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Site Specific Sound Art för Harplinge Windmill, Sweden

The Swedish artist Mikael Ericsson have been working on this
large scale installation for two years. The main idea is to give the windmill a completely new function and identity. The machinery of the windmill have been connected to a self playing pipe organ that produces sounds from the wind. The Millophone will be a permanent installation.

Millophonia is a permanent sound installation for Harplinge windmill and a living process where the visitors can take part in the developing of the sound machine. The project is conducted by Harp Art Lab, Sweden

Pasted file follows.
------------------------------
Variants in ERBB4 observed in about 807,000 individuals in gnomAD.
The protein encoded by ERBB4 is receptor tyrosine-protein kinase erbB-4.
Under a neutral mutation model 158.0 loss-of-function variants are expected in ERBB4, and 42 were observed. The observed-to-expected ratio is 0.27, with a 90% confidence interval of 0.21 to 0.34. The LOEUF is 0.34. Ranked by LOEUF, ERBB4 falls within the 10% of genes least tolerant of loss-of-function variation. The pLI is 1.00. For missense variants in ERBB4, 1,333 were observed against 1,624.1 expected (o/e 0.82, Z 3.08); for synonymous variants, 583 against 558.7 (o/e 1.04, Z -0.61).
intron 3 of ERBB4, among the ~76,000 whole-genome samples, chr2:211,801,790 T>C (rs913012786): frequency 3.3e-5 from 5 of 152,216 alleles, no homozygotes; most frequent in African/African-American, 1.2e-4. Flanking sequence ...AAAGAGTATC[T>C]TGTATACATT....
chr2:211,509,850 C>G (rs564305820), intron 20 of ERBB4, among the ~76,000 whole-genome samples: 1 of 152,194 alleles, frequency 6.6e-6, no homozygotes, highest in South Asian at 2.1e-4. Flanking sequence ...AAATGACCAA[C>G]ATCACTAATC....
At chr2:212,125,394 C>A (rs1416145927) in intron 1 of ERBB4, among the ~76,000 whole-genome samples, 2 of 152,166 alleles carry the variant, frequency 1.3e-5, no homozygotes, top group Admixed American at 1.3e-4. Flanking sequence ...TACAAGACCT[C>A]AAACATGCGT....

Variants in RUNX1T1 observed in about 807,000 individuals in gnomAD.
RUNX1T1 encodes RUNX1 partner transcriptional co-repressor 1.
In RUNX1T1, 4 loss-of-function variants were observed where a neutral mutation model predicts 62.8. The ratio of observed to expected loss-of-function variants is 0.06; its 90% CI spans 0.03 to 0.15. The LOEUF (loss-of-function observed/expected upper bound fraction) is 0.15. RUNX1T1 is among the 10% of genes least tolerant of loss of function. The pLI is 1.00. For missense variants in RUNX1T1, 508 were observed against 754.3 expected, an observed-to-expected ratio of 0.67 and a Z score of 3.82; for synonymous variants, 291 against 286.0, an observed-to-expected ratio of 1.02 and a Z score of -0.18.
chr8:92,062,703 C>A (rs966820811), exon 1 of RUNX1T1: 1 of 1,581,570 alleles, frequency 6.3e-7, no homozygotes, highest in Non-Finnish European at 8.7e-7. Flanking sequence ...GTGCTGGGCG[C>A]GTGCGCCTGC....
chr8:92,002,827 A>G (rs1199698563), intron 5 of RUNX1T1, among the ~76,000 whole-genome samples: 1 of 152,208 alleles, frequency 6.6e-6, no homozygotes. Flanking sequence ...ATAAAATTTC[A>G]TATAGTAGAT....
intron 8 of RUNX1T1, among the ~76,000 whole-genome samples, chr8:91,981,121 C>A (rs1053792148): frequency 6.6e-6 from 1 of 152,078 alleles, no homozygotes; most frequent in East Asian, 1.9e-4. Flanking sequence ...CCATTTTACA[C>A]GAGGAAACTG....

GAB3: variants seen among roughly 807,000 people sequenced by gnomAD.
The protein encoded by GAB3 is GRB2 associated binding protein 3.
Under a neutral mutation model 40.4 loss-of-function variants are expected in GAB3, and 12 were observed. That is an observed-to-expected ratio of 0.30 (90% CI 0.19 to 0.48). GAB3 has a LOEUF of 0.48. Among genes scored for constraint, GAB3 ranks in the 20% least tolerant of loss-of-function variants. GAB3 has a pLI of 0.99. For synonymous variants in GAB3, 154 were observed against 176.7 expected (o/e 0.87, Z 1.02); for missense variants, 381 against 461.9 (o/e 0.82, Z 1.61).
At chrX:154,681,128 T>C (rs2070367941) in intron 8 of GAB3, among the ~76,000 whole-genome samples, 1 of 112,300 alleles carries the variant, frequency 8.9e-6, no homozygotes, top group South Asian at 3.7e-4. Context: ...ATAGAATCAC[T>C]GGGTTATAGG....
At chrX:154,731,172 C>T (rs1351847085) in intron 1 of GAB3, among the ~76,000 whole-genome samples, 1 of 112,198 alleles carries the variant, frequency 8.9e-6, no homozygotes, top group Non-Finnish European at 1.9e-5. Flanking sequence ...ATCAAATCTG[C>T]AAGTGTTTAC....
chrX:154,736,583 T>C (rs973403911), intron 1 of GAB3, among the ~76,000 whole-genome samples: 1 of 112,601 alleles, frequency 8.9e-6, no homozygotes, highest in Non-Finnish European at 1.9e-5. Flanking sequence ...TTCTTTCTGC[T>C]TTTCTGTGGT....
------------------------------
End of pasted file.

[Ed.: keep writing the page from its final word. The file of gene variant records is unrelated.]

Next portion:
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A short technical description of Millophonia and how it works:
The sails of the windmill generates energy that is transfered into a series of bellows that blow air into hundreds of organ pipes. To control the sound the machine use a pneumatic mechanism that operates the pipe organ action via pre-programmed piano rolls of perforated paper.

This technique was first introduced by Joseph Marie Jacquard (1752--1834) in his famous weaving machines and this invention had a deep influence on the English mathematician, philosopher, inventor and mechanical engineer Charles Babbage who originated the concept of a programmable computer. Considered a "father of the computer", Babbage is credited with inventing the first mechanical computer that eventually led to more complex designs.

Harp Art Lab | Sweden